How Learning “No is a Complete Sentence” Can Help Your Recovery

I used to be a “yes” person. I did not even realize that no is a complete sentence.

I said YES to everything. Yes, I can help. Yes, you can count on me. Yes, I can be there. Yes to the run. Yes to the diet. Yes to my worth being dependent upon my body size. Yes, I want to volunteer. Yes, I will join your committee. Yes, I want to come to your meeting. Yes, I agree with you. Yes, I like your outfit, your ideas, and your opinions. YES. YES. YES. 

You didn’t even have to finish your question… I’d answer YES even if deep down at my core there was a resounding no. 

Before I understood that no is a complete sentence, it was always yes.

I said yes for so many reasons. I was afraid if I said no then you wouldn’t like me. Or that you wouldn’t invite me next time. I said yes out of the fear that I wouldn’t be needed. That I wouldn’t matter. That I wouldn’t be included. Or wanted.

I said yes so that I would feel worthy. So that maybe I would be enough.

I said yes in exchange for a false sense of control over situations.

I said yes because I thought I was supposed to. I said yes as an automatic reflex. As if it was the only script I had ever read.

I said yes before my mind had a moment to register the question. The word escaped my lips before I ever checked in with my gut. Or my heart. As if my thoughts or feelings didn’t even matter. As if I didn’t matter.



And then one day I learned a life-changing lesson in a simple two-letter word.

NO.

It is a complete sentence. It is a word that holds power and resolve.  And used correctly it can be empowering, freeing, and beautiful. It can be life-changing.

When you say NO, you do NOT have to give a reason.

You do not have to explain yourself. You do not have to make up excuses or apologize.

No is a complete sentence. And it is enough.

Sure, by saying no I may disappoint others. I may not be invited next time. I may feel left out. I may not be liked.

But I will never lose myself again.

I listen to my soul now because I no longer want to disappoint myself.  Because I finally realize I have value and worth independent of what I can do or be for someone else. 

And I no longer depend on the judgments of others to define my own worth.

I finally understand that my wants, needs, and desires matter.  And I trust that I have what I need. Being liked by others is no longer my first priority.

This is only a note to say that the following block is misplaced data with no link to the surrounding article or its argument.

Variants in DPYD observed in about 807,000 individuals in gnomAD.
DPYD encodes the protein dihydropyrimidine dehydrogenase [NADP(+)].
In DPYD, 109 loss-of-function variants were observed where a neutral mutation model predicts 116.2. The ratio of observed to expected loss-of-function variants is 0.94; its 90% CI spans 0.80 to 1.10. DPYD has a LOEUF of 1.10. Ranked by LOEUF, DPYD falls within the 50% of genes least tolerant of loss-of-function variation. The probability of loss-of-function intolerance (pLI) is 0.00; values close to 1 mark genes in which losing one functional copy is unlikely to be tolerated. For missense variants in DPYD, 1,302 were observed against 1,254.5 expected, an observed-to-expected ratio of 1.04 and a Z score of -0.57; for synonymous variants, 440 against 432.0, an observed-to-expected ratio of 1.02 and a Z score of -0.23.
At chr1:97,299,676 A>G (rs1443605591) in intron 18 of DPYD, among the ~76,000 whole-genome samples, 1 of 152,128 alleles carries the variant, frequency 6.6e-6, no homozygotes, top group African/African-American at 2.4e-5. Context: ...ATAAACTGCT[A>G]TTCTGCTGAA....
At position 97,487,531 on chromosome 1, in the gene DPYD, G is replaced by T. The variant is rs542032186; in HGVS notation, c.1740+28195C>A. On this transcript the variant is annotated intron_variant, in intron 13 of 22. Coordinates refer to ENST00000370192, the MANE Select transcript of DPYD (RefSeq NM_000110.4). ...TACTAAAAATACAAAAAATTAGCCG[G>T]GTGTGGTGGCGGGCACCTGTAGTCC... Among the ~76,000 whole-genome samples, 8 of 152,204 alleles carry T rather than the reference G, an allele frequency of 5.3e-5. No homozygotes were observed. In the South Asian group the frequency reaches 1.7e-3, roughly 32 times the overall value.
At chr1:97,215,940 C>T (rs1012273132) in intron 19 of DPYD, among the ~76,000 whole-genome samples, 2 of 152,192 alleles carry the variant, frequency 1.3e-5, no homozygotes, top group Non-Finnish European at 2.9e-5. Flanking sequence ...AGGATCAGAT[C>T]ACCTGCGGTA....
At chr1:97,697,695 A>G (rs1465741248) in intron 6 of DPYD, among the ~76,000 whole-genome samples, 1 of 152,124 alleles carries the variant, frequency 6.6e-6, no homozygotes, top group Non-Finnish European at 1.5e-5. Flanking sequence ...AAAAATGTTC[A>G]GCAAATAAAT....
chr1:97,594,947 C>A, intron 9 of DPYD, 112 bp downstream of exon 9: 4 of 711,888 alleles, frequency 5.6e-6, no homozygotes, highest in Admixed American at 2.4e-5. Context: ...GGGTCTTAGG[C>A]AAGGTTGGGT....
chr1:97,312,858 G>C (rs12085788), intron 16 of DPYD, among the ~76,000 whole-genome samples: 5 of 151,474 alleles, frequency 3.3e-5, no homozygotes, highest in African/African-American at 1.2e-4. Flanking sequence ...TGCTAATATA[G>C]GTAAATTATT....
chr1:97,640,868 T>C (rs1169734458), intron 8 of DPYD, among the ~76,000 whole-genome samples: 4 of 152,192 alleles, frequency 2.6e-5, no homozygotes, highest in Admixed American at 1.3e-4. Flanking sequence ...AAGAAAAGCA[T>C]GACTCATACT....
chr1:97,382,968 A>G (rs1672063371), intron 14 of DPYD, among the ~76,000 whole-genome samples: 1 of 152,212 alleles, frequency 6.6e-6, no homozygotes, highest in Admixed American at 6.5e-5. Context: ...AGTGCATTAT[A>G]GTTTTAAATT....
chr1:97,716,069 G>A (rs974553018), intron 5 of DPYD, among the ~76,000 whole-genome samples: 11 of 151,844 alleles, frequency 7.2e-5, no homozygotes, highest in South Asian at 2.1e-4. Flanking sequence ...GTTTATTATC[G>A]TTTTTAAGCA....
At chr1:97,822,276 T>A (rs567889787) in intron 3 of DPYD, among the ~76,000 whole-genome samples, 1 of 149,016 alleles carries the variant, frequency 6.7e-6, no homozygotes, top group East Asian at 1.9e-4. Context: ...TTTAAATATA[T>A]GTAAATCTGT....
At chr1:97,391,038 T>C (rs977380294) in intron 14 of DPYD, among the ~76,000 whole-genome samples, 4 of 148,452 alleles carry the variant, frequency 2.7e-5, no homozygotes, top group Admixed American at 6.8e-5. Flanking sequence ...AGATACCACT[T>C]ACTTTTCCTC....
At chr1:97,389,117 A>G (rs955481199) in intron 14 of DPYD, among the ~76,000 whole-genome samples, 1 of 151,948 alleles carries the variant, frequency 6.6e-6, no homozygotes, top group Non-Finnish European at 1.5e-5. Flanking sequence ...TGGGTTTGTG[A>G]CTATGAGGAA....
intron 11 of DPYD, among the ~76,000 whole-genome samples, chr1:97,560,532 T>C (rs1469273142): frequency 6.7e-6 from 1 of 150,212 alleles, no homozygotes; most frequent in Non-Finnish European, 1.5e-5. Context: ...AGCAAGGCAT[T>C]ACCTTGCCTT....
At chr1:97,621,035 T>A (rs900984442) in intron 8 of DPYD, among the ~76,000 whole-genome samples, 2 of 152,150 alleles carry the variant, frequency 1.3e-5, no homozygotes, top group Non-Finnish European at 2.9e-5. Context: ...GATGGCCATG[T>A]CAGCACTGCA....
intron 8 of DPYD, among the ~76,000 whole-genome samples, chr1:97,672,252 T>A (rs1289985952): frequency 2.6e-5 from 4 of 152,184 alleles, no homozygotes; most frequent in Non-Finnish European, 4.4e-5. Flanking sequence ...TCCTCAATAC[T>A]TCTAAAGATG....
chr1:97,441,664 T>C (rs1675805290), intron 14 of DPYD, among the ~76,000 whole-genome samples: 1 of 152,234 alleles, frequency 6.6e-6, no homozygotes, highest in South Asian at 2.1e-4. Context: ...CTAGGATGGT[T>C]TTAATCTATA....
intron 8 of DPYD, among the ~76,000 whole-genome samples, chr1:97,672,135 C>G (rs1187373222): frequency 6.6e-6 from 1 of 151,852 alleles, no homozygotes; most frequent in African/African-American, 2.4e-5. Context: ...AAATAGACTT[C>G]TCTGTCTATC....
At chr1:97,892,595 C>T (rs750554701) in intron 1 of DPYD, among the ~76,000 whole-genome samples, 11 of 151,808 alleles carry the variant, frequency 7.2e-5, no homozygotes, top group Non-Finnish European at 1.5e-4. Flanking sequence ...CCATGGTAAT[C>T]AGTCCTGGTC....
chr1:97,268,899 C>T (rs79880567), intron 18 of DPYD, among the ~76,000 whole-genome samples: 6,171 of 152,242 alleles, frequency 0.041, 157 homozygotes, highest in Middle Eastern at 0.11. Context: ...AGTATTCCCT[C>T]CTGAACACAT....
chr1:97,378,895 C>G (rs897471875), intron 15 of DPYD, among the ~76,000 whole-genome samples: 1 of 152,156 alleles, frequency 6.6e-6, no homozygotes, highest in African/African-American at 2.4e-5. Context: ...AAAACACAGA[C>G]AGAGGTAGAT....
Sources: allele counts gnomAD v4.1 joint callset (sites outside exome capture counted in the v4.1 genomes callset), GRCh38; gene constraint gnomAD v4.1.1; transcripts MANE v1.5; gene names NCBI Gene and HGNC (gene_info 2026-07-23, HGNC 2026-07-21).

The irony of “yes”

Ironically all those times I said yes to everyone else, I was saying no to myself. 

I said no to my hunger. I said no to my needs. I said no to expressing my thoughts or opinions. While YES poured out of my mouth to everyone else, inside was a very different battle.  As I vomited YES to everyone around me, I gave myself a resounding NO to every question, want, need, or desire.

No, I could not have food. No, I could not rest. No, I didn’t deserve it. No, I wasn’t a good mom, a good friend, a good daughter, a good person. No, they don’t want to hear my thoughts or ideas. No, they won’t like me. No, I am not enough. No. No. No.

Taking my power back

Recovery from anorexia and bulimia has given me the power to say NO to other people and to say YES to myself. Perhaps now that I am finally saying yes to myself, I no longer feel the need to run around as a yes person.

I used to dish out passive-aggressive YES’s that came with a side of guilt and martyrdom. Saying yes out of obligation led to resentment and bad vibes. Now when I DO say yes- you can trust it.  I can trust it. Because it is authentic.

And I strive to surround myself with others who say yes only when they mean it. And who understand that no IS a complete sentence.

Because when it comes down to it- my time is valuable, my opinion matters, and I am worthy of acceptance and belonging even if I say no.

And the very same is true for YOU.


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